Visual Confirmation - KLTV.com - Tyler, Longview, Jacksonville |ETX News

7-23-03

Visual Confirmation

B A G H D A D, Iraq, July 23— Amid plans to release photographs of the bodies of Saddam Hussein's two sons, a new audiotape, purportedly by the former Iraqi dictator, was aired on an Arab satellite channel today. The tape was apparently recorded two days before Odai and Qusai Hussein were killed.

Calling on Iraqis to resist the U.S. occupation, the voice on the tape said the war was not over, although it conceded that the United States had achieved military superiority. But, the tape warned, America would not achieve "supremacy in the battle of wills against the Iraqi people."

The purported Saddam audiotape was aired by the Dubai-based al Arabiya satellite station and was dated July 20, two days before U.S. troops killed Odai and Qusai during a fierce gunfight at a villa in the northern Iraqi city of Mosul.

The tape's release came as U.S. military officials prepare to release photographs of the bodies, in the hope of erasing doubts and drawing Iraqis further out of the shadow of their former dictator.

The U.S. military, faced with growing guerrilla attacks and a steadily mounting death rate, hope that the killing of Saddam's influential and widely feared sons would bring an end to the violence in Iraq.

But a U.S. soldier was killed and seven others injured when a U.S. military convoy came under attack near Mosul early today.

In another convoy attack in Ramadi, west of Baghdad, a U.S. soldier was killed and two others were wounded.

Convincing Iraqis

Odai's death is expected to be especially significant as he oversaw the Fedayeen Saddam, a ragtag, notoriously violent paramilitary group that has been blamed for much of the violence in postwar Iraq.

"A lot of the attacks taking place are being based on the idea that somehow the Saddams are coming back, he and his sons are coming back," Paul Bremer, the top U.S. administrator for Iraq, told ABCNEWS' Charles Gibson.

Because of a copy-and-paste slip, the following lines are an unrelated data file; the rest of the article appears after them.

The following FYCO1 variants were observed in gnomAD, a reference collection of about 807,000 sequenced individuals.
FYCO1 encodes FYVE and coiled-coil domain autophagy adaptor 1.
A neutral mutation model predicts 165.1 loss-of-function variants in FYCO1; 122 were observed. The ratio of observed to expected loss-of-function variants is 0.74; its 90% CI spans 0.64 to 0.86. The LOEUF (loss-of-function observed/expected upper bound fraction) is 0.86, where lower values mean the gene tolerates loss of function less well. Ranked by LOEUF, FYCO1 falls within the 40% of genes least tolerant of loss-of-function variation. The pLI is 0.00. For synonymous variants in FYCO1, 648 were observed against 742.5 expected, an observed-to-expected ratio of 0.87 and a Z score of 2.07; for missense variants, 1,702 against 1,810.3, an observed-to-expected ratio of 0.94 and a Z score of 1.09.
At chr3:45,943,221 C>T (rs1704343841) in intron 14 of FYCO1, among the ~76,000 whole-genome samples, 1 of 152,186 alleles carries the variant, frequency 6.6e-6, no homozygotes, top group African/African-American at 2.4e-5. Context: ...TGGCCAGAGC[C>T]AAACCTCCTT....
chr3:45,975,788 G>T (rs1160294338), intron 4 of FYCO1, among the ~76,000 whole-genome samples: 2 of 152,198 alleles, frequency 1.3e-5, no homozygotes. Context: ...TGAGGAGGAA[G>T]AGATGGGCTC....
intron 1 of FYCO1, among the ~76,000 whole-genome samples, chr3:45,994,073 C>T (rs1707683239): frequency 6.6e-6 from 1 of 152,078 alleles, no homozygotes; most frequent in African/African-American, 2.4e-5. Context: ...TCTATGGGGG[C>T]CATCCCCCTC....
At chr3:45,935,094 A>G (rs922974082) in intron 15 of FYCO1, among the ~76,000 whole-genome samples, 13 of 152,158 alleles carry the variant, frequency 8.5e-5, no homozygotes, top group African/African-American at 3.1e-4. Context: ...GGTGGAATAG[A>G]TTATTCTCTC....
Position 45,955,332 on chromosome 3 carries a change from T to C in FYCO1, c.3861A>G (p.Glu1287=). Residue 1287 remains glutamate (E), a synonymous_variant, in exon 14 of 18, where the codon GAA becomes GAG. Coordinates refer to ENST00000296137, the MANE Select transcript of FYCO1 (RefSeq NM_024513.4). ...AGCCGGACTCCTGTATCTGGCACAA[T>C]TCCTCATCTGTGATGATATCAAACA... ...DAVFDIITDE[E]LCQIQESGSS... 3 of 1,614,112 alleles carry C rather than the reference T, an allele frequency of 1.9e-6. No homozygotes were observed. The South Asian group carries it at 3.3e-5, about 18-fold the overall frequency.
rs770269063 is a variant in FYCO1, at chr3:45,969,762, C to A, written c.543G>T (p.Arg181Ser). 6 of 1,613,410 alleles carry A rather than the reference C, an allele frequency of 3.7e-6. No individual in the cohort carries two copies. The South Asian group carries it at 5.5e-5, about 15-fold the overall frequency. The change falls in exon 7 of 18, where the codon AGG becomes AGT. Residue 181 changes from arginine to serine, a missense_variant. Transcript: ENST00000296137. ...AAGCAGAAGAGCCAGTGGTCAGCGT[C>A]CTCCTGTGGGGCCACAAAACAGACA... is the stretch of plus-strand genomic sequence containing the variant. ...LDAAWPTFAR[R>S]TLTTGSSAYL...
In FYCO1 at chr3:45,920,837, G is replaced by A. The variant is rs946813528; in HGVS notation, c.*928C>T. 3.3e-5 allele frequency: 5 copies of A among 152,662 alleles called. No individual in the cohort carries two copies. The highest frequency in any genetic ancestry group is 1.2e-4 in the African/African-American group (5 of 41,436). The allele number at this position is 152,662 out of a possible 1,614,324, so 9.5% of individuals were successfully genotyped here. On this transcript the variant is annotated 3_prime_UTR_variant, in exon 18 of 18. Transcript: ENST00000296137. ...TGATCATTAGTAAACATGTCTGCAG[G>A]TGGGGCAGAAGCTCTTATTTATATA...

"They're not coming back. Two are dead. It won't be long before we get the father," he said.

Tipster Turned In Saddam’s Sons

Already, Iraqis are starting to pass valuable information on to American authorities in Iraq.

The senior U.S. commander in Iraq said Tuesday that a "walk-in" tipster helped U.S. forces locate Odai and Qusai Hussein in a villa in the northern Iraqi city of Mosul.

When U.S. troops stormed the residence, a fierce gun battle ensued. The brothers were killed along with two other Iraqis. They have not yet been identified, but U.S. officials said they were believed to be Qusai's teenage son and a bodyguard.

Celebratory gunfire rang out across the skies of Baghdad as news of the deaths spread, but many Iraqis remained doubtful.

"We want to see it on television or we won't believe anything," one man told ABCNEWS' Jeffery Kofman in Baghdad.

"Whether they are captured [or] dead, we want to see them," he said.

Bremer spokesman Charles Heatley told Arab television station al Arabiya the faces of the dead men would be easily recognizable in photographs. He said the Iraqis would be convinced once they had seen the bodies.

"There will be no doubt or question over the identity of the two men," Heatley said. "The Iraqi people will recognize them."

Deadly Raid

The senior U.S. commander in Iraq said Tuesday there was no doubt Saddam's sons had perished in the Mosul raid.

"We're certain that Odai and Qusai were killed," Lt. Gen. Ricardo Sanchez told a news conference. "They died in a fierce gun battle."

The six-hour operation involved various military units on the ground and in the air. Among the participants were soldiers of the 101st Airborne Division and Task Force 20, a secret special forces team charged with hunting down members of the former regime, officials told ABCNEWS.

Four coalition soldiers were wounded in the operation and were being treated, Sanchez said.

He planned to release further details of the operation today at a briefing set for 8 a.m. ET.

Sanchez said he expected the informant would be eligible for the two $15 million rewards for information leading to the arrest of Saddam's sons, and Bremer said the success of the raid boded well for U.S. effort to get Saddam.

"We have the possibility of somebody coming with the big one," Bremer said referring to the $25 million bounty offered for Saddam. "Somebody who really wants to get the $25 million reward. It will move the day closer when we get our hands on the father."

There was speculation the deaths of Saddam's sons could lead to information on the whereabouts of the former Iraqi dictator himself.

Dreaded Heirs

Odai, 39, and Qusai, 37, were two of the most feared figures in prewar Iraq. Odai, in particular, was said to torture or kill Iraqi citizens seemingly on a whim.

Both sons held important positions in the Baathist regime before Saddam was ousted from power earlier this year.

Before the war, Qusai served as the head of the all-powerful Special Security Organization, an extensive network of intelligence, security and paramilitary wings that once permeated all levels of Iraqi society.

Odai had been considered his father's likely heir until a 1996 assassination attempt left him barely able to walk. His list of alleged crimes included rape, torture, intimidation and murder.

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